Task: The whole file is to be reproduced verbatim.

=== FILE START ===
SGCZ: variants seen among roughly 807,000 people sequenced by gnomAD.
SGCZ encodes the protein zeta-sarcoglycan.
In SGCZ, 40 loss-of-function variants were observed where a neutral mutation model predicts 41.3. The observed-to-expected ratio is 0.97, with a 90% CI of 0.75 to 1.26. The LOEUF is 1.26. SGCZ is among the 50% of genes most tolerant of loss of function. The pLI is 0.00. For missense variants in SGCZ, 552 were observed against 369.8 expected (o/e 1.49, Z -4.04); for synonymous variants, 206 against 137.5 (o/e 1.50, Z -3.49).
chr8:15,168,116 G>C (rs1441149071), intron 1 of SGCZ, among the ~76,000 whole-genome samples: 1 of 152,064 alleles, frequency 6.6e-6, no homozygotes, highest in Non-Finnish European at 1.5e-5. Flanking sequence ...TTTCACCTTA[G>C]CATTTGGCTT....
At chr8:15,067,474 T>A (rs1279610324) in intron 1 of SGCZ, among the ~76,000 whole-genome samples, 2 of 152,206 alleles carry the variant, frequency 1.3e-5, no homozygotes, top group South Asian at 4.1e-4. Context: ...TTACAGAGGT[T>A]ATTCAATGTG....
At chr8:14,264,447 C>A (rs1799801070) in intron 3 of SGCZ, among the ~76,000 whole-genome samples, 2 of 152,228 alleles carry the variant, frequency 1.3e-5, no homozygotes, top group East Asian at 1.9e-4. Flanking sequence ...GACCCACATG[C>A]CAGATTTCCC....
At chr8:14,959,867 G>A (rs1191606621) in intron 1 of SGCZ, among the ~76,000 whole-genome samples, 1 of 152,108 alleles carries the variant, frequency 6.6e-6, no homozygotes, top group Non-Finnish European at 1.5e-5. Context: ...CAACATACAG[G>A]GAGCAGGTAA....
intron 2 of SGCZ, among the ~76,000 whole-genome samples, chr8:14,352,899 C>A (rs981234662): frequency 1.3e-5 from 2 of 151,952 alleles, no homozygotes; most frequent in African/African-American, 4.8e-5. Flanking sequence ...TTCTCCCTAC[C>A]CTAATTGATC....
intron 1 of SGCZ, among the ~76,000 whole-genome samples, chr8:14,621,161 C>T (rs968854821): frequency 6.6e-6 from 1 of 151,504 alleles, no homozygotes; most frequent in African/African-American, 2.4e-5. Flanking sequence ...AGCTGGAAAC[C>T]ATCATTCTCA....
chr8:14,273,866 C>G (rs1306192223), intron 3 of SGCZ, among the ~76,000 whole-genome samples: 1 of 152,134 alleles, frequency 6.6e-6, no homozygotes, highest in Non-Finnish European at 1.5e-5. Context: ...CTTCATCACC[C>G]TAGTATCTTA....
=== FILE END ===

SGCZ: variants seen among roughly 807,000 people sequenced by gnomAD.
SGCZ encodes the protein zeta-sarcoglycan.
In SGCZ, 40 loss-of-function variants were observed where a neutral mutation model predicts 41.3. The observed-to-expected ratio is 0.97, with a 90% CI of 0.75 to 1.26. The LOEUF is 1.26. SGCZ is among the 50% of genes most tolerant of loss of function. The pLI is 0.00. For missense variants in SGCZ, 552 were observed against 369.8 expected (o/e 1.49, Z -4.04); for synonymous variants, 206 against 137.5 (o/e 1.50, Z -3.49).
chr8:15,168,116 G>C (rs1441149071), intron 1 of SGCZ, among the ~76,000 whole-genome samples: 1 of 152,064 alleles, frequency 6.6e-6, no homozygotes, highest in Non-Finnish European at 1.5e-5. Flanking sequence ...TTTCACCTTA[G>C]CATTTGGCTT....
At chr8:15,067,474 T>A (rs1279610324) in intron 1 of SGCZ, among the ~76,000 whole-genome samples, 2 of 152,206 alleles carry the variant, frequency 1.3e-5, no homozygotes, top group South Asian at 4.1e-4. Context: ...TTACAGAGGT[T>A]ATTCAATGTG....
At chr8:14,264,447 C>A (rs1799801070) in intron 3 of SGCZ, among the ~76,000 whole-genome samples, 2 of 152,228 alleles carry the variant, frequency 1.3e-5, no homozygotes, top group East Asian at 1.9e-4. Flanking sequence ...GACCCACATG[C>A]CAGATTTCCC....
At chr8:14,959,867 G>A (rs1191606621) in intron 1 of SGCZ, among the ~76,000 whole-genome samples, 1 of 152,108 alleles carries the variant, frequency 6.6e-6, no homozygotes, top group Non-Finnish European at 1.5e-5. Context: ...CAACATACAG[G>A]GAGCAGGTAA....
intron 2 of SGCZ, among the ~76,000 whole-genome samples, chr8:14,352,899 C>A (rs981234662): frequency 1.3e-5 from 2 of 151,952 alleles, no homozygotes; most frequent in African/African-American, 4.8e-5. Flanking sequence ...TTCTCCCTAC[C>A]CTAATTGATC....
intron 1 of SGCZ, among the ~76,000 whole-genome samples, chr8:14,621,161 C>T (rs968854821): frequency 6.6e-6 from 1 of 151,504 alleles, no homozygotes; most frequent in African/African-American, 2.4e-5. Flanking sequence ...AGCTGGAAAC[C>T]ATCATTCTCA....
chr8:14,273,866 C>G (rs1306192223), intron 3 of SGCZ, among the ~76,000 whole-genome samples: 1 of 152,134 alleles, frequency 6.6e-6, no homozygotes, highest in Non-Finnish European at 1.5e-5. Context: ...CTTCATCACC[C>G]TAGTATCTTA....